The Acting Secretary of State to the Secretary of State, at London
588. For Secretary Byrnes from Acheson. Balfour10 came in this afternoon to discuss the Spanish situation, particularly in relation to the recent French note suggesting tripartite discussions. The British preferred not to have a meeting but exchange views through diplomatic channels. They do not wish to break relations with Franco but feel that internal developments are progressing and should be allowed to develop. I told him that I did not feel that we could go on indefinitely with mere statements of our dislike for Franco but that we would be obliged to take some action. Merely by way of suggestion I put forward the thought that the three governments might agree to some statement which would be made public and which would be somewhat along the following lines: that the three Foreign Ministers had discussed this question in London; that we reiterated our dislike for Franco and the maintenance of a Fascist regime in Spain; that while the determination of the Government of Spain is a matter for the Spanish people the three governments are agreed that in order for a government in Spain to be an acceptable member of the community of nations certain measures would have to be taken by the Spanish people themselves. These measures would involve such things as the withdrawal of Franco, the possible establishment of a caretaker government which would enunciate certain fundamental principles such as political amnesty, return of refugees and free elections. [Page 1031] Balfour seemed to feel that some such move might be possible and said he would wire London with regard to it.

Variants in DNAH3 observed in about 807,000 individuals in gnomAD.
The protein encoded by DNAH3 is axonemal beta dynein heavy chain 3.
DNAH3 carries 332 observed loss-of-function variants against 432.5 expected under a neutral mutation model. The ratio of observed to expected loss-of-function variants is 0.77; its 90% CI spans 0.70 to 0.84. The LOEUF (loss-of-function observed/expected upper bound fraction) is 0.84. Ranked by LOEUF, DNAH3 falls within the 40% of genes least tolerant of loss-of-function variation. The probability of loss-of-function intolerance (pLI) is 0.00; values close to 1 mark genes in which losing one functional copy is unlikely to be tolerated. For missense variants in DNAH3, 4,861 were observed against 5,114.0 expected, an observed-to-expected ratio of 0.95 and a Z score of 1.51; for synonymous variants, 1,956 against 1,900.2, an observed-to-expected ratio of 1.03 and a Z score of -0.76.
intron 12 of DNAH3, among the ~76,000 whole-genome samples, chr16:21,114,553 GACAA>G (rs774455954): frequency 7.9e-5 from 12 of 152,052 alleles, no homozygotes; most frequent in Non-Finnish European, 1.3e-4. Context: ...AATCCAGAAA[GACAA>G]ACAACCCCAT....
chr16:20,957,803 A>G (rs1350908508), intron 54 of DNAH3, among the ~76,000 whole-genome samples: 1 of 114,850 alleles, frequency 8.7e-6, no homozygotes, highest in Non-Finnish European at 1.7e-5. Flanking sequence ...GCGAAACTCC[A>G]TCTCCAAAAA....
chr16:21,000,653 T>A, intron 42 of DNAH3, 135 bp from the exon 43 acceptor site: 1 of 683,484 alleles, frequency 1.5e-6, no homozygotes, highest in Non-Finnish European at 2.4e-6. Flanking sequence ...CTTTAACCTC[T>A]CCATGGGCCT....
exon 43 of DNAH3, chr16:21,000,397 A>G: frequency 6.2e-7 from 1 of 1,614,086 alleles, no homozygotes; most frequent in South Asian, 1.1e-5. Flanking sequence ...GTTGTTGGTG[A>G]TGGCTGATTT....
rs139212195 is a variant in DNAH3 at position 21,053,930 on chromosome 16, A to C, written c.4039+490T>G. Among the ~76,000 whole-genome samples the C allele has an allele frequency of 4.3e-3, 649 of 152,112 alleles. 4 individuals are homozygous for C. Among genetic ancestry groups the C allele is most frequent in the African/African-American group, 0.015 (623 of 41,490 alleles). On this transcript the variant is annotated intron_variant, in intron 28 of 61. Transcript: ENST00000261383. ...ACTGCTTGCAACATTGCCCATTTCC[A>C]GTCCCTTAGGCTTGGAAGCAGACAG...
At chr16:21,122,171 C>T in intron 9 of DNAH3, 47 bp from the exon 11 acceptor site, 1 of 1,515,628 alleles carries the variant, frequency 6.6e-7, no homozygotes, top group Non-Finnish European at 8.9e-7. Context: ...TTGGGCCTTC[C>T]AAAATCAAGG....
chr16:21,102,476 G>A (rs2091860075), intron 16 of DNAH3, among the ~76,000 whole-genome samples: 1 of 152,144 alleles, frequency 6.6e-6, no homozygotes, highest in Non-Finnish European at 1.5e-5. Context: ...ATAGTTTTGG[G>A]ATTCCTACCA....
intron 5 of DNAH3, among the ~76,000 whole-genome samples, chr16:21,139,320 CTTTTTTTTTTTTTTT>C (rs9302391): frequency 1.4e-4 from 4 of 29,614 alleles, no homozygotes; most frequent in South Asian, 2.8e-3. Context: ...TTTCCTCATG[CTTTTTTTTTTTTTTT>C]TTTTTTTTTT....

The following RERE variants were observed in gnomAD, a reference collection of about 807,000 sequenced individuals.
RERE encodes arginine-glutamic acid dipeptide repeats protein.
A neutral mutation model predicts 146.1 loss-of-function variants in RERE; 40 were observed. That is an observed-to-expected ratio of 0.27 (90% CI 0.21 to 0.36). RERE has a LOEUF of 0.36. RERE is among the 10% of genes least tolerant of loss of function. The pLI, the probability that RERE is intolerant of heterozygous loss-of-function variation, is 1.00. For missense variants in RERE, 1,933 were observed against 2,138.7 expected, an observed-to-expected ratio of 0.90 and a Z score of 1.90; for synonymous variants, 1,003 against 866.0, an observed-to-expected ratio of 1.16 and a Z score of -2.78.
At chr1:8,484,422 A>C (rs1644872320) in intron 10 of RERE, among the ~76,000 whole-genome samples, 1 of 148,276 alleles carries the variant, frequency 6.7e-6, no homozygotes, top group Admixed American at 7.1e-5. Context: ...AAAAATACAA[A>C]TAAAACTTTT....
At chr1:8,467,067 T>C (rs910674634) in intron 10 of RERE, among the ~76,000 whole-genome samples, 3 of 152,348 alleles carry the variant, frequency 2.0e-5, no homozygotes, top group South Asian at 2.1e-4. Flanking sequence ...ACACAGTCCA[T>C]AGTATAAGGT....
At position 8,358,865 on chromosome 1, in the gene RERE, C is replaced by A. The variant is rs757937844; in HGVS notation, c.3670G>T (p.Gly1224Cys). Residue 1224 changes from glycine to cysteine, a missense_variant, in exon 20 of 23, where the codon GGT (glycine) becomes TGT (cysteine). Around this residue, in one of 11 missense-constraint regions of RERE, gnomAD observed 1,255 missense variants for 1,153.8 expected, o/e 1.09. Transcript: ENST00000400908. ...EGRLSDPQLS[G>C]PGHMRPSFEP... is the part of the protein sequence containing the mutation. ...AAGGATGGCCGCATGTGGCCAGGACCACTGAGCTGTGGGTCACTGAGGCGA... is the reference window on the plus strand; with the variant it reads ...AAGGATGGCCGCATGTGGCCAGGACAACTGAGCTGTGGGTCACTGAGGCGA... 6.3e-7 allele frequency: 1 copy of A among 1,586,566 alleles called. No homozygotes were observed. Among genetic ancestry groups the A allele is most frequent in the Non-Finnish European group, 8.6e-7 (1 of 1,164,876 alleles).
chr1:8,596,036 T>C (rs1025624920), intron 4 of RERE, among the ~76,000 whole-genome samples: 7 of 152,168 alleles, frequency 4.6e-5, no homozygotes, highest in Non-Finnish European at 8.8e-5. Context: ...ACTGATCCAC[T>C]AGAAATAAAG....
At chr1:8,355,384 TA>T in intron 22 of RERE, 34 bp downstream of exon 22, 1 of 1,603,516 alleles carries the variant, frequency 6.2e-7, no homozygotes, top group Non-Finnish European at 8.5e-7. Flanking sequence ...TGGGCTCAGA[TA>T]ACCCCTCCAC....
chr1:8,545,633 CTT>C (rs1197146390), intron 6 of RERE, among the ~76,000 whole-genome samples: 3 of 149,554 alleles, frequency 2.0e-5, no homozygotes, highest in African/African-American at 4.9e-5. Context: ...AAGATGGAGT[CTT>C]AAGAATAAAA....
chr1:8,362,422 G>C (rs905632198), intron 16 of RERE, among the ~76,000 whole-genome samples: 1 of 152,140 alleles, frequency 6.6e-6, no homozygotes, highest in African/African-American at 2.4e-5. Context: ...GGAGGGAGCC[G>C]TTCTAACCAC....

We shall try to make this more specific and submit it to you.
- John Balfour, British Minister in the United States.↩